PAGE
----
LETTER: City Hall security has chilling effect

Published 4:11 pm Wednesday, September 20, 2017

Dear Editor,

I usually enjoy visiting my hometown and seeing old friends. However, on my visit last Friday, my wide-eyed innocence was shattered when I attempted to visit Selma City Hall.

Selma has long been known as a beacon of hope to oppressed people due to the voting rights movement of 1965.

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Well, last Friday, I ran into “papers please” situation at the front door to city hall.  Unlike any other city hall or courthouse I have ever visited, the Selma City Hall requires a citizen to sign-in on a public registry book maintained at the front door and state what department you wish to visit. While this may sound like a benign procedure, it smacks in the face of our Constitution.

The first amendment to our Constitution allows for unencumbered travel in public places.  The fourth amendment provides for a person to be secure in their person and papers (this includes their identity) unless they have been connected to a crime.

U.S. Supreme Court decisions in cases like: Terry v. Ohio (1968), Brown v. Texas (1979) and Hiibel v. Nevada (2004) all back this up. City attorney Jimmy Nunn told me that these measures were adopted by the city council for security reasons.

Tyranny is not what Selma should be known for, and these tactics can only have a chilling effect on the general public wishing to do business at city hall.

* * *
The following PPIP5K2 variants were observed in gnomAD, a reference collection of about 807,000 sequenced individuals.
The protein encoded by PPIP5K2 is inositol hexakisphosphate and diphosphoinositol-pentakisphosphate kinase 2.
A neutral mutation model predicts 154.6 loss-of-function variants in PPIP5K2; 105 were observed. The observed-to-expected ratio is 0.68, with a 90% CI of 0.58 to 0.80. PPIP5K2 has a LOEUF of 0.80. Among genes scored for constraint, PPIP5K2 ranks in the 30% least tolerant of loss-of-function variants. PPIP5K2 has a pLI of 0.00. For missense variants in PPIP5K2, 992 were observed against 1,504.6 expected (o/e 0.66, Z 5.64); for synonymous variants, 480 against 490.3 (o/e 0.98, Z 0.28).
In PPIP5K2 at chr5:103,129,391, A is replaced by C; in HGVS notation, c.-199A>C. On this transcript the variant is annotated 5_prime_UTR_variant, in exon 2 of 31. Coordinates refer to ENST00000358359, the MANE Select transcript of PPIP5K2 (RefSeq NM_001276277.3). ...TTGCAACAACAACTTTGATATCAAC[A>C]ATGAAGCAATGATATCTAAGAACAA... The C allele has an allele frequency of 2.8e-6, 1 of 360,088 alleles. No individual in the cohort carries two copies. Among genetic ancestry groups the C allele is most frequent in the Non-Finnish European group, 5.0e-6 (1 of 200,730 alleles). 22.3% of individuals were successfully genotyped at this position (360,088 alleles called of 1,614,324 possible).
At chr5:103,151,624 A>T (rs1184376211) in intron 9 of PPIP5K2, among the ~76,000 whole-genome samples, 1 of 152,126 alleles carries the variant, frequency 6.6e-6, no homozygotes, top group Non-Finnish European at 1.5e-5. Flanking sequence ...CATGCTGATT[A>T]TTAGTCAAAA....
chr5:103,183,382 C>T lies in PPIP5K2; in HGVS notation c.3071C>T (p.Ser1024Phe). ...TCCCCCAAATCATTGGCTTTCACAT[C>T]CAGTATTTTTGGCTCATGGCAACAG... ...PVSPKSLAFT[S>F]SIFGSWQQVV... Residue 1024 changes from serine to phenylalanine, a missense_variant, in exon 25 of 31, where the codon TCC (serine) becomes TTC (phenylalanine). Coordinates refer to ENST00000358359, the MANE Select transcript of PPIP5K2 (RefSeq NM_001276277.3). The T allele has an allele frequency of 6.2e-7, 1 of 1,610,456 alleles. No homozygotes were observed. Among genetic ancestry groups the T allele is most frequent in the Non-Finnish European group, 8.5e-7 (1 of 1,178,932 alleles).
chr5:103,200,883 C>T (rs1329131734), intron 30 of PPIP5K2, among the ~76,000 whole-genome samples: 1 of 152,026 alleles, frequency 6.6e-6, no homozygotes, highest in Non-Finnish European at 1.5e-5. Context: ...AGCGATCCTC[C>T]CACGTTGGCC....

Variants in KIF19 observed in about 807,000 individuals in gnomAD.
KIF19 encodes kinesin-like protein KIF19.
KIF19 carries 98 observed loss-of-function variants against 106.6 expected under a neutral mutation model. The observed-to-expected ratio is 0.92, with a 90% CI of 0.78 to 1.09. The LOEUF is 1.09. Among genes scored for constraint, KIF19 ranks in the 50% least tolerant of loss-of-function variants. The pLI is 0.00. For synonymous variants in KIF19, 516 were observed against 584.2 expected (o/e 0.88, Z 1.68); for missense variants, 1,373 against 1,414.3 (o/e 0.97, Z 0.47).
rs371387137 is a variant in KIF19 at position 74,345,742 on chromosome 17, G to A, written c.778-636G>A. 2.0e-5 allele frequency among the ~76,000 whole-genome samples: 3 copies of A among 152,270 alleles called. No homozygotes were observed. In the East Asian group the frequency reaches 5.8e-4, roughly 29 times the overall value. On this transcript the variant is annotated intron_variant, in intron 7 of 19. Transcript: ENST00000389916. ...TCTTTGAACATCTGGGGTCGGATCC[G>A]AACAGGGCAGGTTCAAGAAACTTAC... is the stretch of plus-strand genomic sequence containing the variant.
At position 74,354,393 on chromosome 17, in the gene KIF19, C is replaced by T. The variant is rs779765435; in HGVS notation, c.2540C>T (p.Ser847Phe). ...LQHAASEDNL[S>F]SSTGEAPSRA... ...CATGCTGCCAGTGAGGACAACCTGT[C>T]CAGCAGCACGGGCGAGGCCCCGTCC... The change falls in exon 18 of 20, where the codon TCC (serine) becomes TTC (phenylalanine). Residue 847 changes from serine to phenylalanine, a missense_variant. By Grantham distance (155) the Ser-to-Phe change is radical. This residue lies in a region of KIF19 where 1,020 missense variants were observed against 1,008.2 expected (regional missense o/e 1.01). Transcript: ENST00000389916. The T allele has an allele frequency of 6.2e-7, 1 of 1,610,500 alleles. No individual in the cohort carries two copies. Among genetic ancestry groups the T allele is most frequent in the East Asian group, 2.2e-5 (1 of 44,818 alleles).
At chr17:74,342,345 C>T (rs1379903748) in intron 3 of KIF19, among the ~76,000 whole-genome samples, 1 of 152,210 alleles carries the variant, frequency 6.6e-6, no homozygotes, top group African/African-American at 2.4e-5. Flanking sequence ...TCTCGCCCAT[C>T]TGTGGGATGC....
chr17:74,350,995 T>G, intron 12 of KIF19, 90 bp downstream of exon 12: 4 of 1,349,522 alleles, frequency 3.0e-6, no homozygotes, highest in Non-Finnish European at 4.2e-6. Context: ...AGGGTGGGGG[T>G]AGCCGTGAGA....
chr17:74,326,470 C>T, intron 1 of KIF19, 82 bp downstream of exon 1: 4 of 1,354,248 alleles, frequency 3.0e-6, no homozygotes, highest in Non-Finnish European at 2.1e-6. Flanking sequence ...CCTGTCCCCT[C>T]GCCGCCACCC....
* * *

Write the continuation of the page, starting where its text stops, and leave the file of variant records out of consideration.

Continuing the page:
As I stood there discussing the situation with the security guard Capt. Jennings, I observed two different ladies reviewing the listed names as they left the building.

I can see where a person with an unpaid traffic ticket, an undocumented person, someone illiterate or someone with a disability could feel intimidated to the point of not visiting city hall.

This “sign-in” procedure could also have a chilling effect on people like myself wishing to do nothing more than visit the public bulletin board posted in the lobby.

The city hall is owned by the citizens of Selma, and if it isn’t designed to contend with modern-day security needs of elected officials, the design needs to be changed, rather than trampling on the Constitutional rights of its citizens to travel freely in public spaces.

I also don’t really see how an unverified name on a registry book enhances security.  This situation needs to be revisited by the city council to reflect a free and open government that is ready to do business with visitors to city hall.

Tom Headley

Former Selma City Councilman